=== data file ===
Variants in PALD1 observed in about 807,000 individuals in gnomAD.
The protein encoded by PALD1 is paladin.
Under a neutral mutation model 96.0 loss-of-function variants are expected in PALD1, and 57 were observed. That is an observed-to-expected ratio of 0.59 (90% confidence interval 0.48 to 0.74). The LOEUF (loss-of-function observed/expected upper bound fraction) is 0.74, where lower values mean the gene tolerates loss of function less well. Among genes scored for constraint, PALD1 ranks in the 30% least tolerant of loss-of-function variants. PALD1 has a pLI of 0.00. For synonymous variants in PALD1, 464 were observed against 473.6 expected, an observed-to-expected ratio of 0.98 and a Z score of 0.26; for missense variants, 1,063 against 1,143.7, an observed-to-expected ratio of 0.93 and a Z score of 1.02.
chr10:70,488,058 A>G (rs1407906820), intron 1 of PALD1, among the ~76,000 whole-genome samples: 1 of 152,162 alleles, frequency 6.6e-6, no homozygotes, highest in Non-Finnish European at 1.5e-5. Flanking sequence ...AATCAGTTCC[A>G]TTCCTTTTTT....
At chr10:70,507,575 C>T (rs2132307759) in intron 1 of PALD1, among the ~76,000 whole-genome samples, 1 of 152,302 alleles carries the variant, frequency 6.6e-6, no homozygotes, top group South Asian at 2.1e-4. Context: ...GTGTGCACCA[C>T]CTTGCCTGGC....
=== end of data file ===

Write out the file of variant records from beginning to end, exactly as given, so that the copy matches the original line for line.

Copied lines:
Variants in PALD1 observed in about 807,000 individuals in gnomAD.
The protein encoded by PALD1 is paladin.
Under a neutral mutation model 96.0 loss-of-function variants are expected in PALD1, and 57 were observed. That is an observed-to-expected ratio of 0.59 (90% confidence interval 0.48 to 0.74). The LOEUF (loss-of-function observed/expected upper bound fraction) is 0.74, where lower values mean the gene tolerates loss of function less well. Among genes scored for constraint, PALD1 ranks in the 30% least tolerant of loss-of-function variants. PALD1 has a pLI of 0.00. For synonymous variants in PALD1, 464 were observed against 473.6 expected, an observed-to-expected ratio of 0.98 and a Z score of 0.26; for missense variants, 1,063 against 1,143.7, an observed-to-expected ratio of 0.93 and a Z score of 1.02.
chr10:70,488,058 A>G (rs1407906820), intron 1 of PALD1, among the ~76,000 whole-genome samples: 1 of 152,162 alleles, frequency 6.6e-6, no homozygotes, highest in Non-Finnish European at 1.5e-5. Flanking sequence ...AATCAGTTCC[A>G]TTCCTTTTTT....
At chr10:70,507,575 C>T (rs2132307759) in intron 1 of PALD1, among the ~76,000 whole-genome samples, 1 of 152,302 alleles carries the variant, frequency 6.6e-6, no homozygotes, top group South Asian at 2.1e-4. Context: ...GTGTGCACCA[C>T]CTTGCCTGGC....